Winners at poker never forget one cardinal rule of betting: Yourcards don't love you.

Rational drug designers bemoan the truism: Your peptides don't loveyou.

To be sure, peptides specifically bind disease-related molecules, butthen _ to name only a few peptidic flaws _ they quickly break up inthe bloodstream. Often unkind to the digestive system, and insolublein water, they can't be given by mouth.

So medicinal chemists practice what has been called irrational drugdiscovery. They screen thousands upon thousands of molecules, fromrain forests and other sources, seeking desired functions by tedioustrial and error.

Structural biology offers a more rational approach, but with its owntime-line drawbacks. It was X-ray crystallography that jump-startedbiotechnology by tipping Crick and Watson to the double-helicalstructure of DNA. Now crystallography plus computerized screeningand automated synthesis are claiming a quantum leap toward drugdevelopment in the near future.

That implicit forecast takes the form of a paper in today's Science,titled: "Interaction of a Peptidomimetic Aminimide Inhibitor withElastase." It's the joint work of structural biologists at BrandeisUniversity in Waltham, Mass., and combinatorial chemists at ArQuleInc., in nearby Medford.

Here is how ArQule's scientific founder and senior vice president ofresearch and development, Joseph Hogan Jr. _ a co-author of theScience article _ defines his company's unique approach tocombinatorial chemistry:

"It's making every possible molecule from a given set of buildingblocks." These are real molecules, not virtual ones, he pointed out toBioWorld Today in an interview: "We use the computer as aguidance system. The more information we have, the better our guessat making molecules. So we go back and forth. The computer guidesus in what to make, and once we get bioactivity, what to make next.Then our machines actually synthesize 'em."

In their joint project, company and university teams aimed at creatingan inhibitor of the elastase molecule. As the paper's first author,biophysicist Ezra Peisach, told BioWorld, "Elastase is a class ofprotease molecules linked to emphysema, cardiovascular disease,Alzheimer's and AIDS." He added that the purpose of the experimentreported in Science was not linked to therapy, but rather "a test studyto demonstrate proof-of-concept. The elastase molecule is wellunderstood, and we knew what its inhibitor might look like."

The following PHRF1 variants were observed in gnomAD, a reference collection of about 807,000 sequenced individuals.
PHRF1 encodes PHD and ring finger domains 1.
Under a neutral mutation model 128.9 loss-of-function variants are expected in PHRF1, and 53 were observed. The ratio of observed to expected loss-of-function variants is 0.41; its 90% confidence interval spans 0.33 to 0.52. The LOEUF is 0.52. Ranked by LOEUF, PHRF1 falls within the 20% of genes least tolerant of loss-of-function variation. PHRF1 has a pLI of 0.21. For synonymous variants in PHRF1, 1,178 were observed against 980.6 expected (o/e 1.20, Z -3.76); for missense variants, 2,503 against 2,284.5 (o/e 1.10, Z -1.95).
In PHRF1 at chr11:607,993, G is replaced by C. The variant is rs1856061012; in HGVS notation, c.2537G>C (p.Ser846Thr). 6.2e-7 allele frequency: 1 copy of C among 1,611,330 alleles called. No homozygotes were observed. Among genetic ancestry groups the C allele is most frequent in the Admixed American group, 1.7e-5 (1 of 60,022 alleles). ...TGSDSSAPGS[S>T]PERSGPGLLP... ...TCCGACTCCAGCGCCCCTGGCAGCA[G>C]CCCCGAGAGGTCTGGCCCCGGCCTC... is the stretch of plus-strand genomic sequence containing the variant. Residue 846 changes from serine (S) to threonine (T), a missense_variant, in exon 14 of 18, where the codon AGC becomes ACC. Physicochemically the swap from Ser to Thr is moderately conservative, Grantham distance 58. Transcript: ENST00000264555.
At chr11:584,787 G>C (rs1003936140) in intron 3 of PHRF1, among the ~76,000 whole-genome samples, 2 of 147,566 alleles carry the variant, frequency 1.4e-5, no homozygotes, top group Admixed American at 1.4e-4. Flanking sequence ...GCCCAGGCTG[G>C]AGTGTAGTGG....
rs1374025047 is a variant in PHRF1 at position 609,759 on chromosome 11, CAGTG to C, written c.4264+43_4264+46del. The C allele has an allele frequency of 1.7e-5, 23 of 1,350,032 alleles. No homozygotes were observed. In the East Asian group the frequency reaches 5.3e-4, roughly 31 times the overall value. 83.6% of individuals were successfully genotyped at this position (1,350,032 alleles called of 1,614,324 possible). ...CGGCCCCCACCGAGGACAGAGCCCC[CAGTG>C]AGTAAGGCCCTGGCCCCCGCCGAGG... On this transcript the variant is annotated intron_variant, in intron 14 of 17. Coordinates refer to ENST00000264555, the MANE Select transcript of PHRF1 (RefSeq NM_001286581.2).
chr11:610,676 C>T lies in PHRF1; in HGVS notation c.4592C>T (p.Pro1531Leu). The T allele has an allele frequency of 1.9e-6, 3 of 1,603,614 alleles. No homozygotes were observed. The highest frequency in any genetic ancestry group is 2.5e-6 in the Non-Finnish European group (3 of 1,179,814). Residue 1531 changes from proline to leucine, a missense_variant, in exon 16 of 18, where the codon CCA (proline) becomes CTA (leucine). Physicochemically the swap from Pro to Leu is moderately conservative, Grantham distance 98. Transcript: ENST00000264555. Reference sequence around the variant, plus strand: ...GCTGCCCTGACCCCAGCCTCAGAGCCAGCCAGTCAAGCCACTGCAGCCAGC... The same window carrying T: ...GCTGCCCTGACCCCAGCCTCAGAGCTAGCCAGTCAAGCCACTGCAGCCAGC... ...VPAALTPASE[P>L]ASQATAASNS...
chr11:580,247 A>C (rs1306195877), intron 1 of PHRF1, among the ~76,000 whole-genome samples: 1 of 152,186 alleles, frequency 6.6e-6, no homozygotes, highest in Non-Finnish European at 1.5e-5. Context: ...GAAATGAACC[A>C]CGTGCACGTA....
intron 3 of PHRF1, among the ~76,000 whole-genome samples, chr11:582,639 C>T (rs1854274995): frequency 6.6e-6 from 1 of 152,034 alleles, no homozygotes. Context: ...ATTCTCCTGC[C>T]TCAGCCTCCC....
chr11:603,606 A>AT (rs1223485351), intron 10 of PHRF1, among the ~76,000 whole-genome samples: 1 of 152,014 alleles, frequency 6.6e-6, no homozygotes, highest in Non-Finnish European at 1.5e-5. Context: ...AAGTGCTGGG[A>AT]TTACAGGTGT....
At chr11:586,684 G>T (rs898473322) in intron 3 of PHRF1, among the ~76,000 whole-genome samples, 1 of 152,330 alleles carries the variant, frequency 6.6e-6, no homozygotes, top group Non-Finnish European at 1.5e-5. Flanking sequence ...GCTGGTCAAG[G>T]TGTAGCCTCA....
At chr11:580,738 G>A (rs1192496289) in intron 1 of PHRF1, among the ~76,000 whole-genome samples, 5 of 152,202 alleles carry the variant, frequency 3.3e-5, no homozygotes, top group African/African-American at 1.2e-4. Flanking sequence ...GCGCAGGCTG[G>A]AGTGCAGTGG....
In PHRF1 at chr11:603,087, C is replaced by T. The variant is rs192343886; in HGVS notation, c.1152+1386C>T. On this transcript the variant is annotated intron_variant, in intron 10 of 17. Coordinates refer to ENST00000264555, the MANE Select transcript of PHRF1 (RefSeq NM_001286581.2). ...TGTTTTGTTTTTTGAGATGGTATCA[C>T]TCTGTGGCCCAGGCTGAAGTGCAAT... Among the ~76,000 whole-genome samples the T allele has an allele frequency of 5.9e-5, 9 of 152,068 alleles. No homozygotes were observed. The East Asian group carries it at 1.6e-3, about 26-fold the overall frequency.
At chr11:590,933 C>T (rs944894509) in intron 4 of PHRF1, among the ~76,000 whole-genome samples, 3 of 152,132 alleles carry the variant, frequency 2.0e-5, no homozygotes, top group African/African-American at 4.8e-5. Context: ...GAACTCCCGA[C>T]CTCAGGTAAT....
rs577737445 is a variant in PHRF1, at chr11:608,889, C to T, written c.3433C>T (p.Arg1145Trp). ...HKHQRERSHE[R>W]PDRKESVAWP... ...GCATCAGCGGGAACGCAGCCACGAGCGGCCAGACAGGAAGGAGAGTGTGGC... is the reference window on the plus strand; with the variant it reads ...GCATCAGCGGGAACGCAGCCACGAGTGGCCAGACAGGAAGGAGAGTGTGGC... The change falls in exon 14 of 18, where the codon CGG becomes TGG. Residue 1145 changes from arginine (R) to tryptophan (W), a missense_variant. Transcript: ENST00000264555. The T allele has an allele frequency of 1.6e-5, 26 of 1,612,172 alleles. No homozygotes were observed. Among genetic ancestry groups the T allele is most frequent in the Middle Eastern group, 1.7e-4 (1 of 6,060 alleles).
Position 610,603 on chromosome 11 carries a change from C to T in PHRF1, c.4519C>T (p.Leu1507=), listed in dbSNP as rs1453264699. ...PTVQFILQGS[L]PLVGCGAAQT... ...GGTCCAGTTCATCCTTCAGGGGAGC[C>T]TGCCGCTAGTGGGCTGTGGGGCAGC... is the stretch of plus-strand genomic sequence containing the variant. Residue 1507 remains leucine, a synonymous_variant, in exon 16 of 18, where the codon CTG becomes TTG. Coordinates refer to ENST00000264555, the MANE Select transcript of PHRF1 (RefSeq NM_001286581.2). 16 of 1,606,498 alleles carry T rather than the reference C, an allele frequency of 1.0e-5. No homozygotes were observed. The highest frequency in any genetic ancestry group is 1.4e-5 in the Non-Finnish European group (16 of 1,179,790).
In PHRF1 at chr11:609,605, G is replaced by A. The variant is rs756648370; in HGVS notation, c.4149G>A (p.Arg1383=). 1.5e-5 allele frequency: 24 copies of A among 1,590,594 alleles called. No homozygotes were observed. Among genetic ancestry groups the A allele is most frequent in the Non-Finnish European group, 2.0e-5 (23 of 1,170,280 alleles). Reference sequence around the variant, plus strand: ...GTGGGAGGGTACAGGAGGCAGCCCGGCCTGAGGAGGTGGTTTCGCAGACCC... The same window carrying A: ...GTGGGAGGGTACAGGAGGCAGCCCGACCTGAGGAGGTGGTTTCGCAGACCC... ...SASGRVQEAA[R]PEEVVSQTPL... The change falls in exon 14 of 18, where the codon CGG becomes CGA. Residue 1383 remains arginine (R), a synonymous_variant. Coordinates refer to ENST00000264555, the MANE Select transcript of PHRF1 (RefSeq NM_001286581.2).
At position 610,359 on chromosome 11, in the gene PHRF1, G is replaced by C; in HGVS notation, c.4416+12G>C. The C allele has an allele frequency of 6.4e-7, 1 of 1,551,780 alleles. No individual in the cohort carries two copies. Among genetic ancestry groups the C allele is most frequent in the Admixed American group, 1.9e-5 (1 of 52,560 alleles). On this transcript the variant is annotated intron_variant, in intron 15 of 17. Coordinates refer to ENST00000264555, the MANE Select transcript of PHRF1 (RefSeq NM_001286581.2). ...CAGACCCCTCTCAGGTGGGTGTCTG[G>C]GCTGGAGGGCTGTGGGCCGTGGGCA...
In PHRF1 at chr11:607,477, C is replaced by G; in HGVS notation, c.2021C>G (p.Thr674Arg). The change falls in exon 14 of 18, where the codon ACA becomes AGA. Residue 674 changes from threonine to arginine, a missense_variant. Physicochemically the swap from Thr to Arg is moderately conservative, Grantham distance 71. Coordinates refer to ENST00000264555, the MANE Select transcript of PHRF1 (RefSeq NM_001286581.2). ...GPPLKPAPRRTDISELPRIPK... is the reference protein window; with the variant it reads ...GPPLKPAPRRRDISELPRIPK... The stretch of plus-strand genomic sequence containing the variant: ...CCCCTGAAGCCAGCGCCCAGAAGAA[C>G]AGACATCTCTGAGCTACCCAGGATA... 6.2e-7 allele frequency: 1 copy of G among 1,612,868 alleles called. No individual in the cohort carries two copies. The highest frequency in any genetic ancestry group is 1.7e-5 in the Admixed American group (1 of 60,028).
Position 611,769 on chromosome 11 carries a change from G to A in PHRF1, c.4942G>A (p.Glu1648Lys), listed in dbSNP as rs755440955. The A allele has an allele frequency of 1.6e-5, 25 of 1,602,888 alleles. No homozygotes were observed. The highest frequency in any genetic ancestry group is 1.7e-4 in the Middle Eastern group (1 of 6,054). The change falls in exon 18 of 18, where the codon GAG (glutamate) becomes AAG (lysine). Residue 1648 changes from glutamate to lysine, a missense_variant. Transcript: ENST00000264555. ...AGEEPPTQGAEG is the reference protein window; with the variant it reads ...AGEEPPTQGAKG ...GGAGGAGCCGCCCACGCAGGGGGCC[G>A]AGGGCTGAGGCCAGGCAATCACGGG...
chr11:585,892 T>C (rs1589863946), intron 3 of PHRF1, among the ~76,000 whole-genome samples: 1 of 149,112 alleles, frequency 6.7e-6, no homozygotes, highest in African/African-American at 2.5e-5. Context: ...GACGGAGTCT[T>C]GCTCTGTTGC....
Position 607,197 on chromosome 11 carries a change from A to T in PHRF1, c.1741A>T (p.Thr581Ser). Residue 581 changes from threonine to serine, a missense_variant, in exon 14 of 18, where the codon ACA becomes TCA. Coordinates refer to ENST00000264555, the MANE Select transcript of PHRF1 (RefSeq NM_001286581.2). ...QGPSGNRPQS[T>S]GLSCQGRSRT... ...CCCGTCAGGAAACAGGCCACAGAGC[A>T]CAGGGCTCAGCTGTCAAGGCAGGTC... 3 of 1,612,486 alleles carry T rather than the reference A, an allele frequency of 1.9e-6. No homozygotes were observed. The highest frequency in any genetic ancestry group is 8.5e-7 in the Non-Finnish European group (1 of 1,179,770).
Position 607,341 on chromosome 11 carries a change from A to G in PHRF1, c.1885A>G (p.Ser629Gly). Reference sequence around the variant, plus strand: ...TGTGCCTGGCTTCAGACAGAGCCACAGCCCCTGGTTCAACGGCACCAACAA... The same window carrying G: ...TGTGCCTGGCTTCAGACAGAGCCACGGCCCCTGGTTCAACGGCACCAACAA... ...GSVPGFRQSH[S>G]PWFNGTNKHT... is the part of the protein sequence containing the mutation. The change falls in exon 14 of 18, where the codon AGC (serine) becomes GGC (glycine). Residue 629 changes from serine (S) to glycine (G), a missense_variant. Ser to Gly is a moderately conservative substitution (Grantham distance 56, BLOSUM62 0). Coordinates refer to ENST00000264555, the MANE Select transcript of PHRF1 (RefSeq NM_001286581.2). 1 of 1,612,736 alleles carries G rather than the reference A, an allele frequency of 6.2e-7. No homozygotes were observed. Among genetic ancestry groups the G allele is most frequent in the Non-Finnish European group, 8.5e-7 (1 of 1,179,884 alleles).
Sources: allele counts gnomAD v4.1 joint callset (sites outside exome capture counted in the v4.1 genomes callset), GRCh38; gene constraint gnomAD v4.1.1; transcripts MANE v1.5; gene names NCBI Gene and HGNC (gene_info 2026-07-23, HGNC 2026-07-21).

A future project, Peisach suggested, might involve a more expensiveand potentially useful enzyme, namely, "an HIV protease inhibitor."

Such an AIDS therapeutic has long been on ArQule's drawing board,as Hogan reported early this year. (See BioWorld Today, Feb. 8, p.1.). He now said, "We've got this HIV protease inhibitor done, muchthe same as the elastase one, and submitted it for publication in adifferent journal." Hogan observed that "it, too, is a demonstratormodel, but we've got a crystal structure of it too, and it's very muchthe way we predicted. So it conforms to the first one." Whether it hascommercial potential as an AIDS drug, Hogan doesn't know. "Thereare a lot of good inhibitors out there. That's a business question, ifanybody cares to take it to market."

Peptidomimesis is the name of the ArQule/Brandeis game. It consistsof constructing molecules that bind disease ligands the way theoriginal, unloving peptides do, but with biophysical properties thatsidestep their shortcomings.

Hogan explained: "Functionally, what a peptide means to us is that itmakes the same contacts in the same directions, with the same sort ofspatial orientation, the same points of a target, as a peptide would."But these impostor molecules, he added, "are much more water-soluble. In fact, we were able to diffuse this one into the elastasecrystal out of water at reasonably high concentrations, whereas thepeptide was a nightmare to handle."

Moreover, "They are resistant to enzymatic action. The enzymeshave never seen these linkages, so they can't chew them up. It foolsthe enzymes. Being water-soluble and electrically neutral, it's orallyavailable."

The name of their masquerading peptide mimic is aminimide. Thisman-made molecule, Hogan said, "has been around for 20 years." Itsindustrial uses range from tire-cord dips to cosmetic creams.

Peisach noted that it contains an extra nitrogen atom, which canmimic the alpha carbon of an amino acid.

"What's next for ArQule," Hogan concluded, "is to take thiscapability and get to work designing things for real-world targets,with commercial and physiological significance." n

-- David N. Leff Science Editor

(c) 1997 American Health Consultants. All rights reserved.